Control, Cronyism, Corruption…human nature?

“Absolute Control Leads to Corruption”

Written by Warren Edstrom

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Our founding fathers intended that our government be contentious by nature. The thinking was that a government with opposing interests would keep the dialog going, and each side would keep the other relatively honest.

At the federal level there are the three branches of government:  Executive, Legislative Judicial. Even in Congress, the House of Representatives was supposed to represent the people because they are elected by the people. That’s why it’s called the peoples’ house.

The senators were originally appointed by the state legislatures because the senate was supposed to represent the interests of the states as a balance to the interests of the people.

The founders called a democracy “The tyranny of the masses”. The 17th amendment to the constitution, enacted in 1913, changed the way senators are chosen. By changing the senate from being appointed by the state legislatures to being elected by the people of the state, a major constitutional check and balance was eliminated. It was a major step in turning our constitutional  republic into a democracy.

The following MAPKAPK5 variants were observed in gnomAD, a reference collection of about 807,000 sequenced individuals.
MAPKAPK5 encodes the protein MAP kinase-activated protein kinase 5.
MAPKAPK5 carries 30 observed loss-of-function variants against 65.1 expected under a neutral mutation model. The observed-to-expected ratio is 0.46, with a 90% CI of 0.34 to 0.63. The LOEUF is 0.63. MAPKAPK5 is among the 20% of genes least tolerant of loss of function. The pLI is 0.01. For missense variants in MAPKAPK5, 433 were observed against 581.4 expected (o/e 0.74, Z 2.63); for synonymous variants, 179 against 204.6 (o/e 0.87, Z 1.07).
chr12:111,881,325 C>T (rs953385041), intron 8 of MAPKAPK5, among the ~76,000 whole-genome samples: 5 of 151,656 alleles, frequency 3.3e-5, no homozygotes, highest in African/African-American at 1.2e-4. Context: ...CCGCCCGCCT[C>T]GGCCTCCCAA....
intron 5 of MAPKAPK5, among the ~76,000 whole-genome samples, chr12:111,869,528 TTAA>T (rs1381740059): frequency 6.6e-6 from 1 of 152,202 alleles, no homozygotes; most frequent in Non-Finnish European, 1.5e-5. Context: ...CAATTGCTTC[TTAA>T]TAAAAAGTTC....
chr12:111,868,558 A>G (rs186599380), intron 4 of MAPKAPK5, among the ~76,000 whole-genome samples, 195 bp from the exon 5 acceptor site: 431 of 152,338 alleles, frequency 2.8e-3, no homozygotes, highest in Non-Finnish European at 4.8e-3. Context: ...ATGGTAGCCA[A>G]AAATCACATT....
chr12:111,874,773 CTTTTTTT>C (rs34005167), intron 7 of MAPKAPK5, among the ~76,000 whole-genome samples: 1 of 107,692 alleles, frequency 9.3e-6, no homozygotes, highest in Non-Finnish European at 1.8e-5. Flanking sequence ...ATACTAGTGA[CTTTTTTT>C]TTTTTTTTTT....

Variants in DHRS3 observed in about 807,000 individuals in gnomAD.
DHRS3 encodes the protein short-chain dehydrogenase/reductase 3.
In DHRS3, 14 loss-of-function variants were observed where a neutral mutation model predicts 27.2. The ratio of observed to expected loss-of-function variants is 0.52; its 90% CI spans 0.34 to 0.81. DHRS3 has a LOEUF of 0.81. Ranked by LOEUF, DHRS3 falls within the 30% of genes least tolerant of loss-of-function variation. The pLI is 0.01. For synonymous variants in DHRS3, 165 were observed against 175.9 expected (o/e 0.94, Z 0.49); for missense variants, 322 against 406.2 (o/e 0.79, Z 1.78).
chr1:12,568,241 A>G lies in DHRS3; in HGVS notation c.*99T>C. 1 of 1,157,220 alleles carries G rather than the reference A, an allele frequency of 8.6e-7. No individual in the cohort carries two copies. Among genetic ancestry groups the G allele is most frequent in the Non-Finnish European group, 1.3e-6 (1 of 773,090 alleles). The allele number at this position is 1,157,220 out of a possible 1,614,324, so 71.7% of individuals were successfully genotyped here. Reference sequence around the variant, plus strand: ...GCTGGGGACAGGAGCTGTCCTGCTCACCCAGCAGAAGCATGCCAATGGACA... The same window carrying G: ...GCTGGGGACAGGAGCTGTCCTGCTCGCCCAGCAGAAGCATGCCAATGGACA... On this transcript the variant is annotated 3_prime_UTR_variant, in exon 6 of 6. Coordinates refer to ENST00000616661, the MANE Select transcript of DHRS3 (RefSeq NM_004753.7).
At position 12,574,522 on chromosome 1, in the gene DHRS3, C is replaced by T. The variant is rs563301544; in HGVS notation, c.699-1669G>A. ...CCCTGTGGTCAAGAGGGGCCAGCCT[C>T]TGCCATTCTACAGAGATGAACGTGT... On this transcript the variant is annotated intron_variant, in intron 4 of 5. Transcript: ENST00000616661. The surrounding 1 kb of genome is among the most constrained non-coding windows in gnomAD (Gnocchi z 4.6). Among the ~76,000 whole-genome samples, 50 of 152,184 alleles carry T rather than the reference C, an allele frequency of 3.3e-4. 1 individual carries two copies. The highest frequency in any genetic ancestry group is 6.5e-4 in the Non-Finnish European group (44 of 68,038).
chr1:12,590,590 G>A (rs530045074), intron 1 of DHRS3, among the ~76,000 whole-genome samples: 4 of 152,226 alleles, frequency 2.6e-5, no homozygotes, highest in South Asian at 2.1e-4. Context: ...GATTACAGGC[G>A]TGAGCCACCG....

The last domino to fall will be a move to do away with the electoral college. Then we will have a democracy, not a republic.

In the same manner, when a single political party monopolizes a city, county, state or nation bad things happen. Cronyism sets in and special interests hold sway. When 2 or more political parties are in office, they will expose each other’s corruption in order to get the peoples votes. In plain language, they’ll rat each other out for political advantage.

When you do away with opposition there is no one to hold the ruling party in check.
Because of human nature this dynamic works no matter which political party is in power. It goes back to human nature. No political party is immune from corruption.

A case in point is Knox County Ohio. In Knox County the Republican Party holds all county offices. Most of the surrounding towns are majority republican.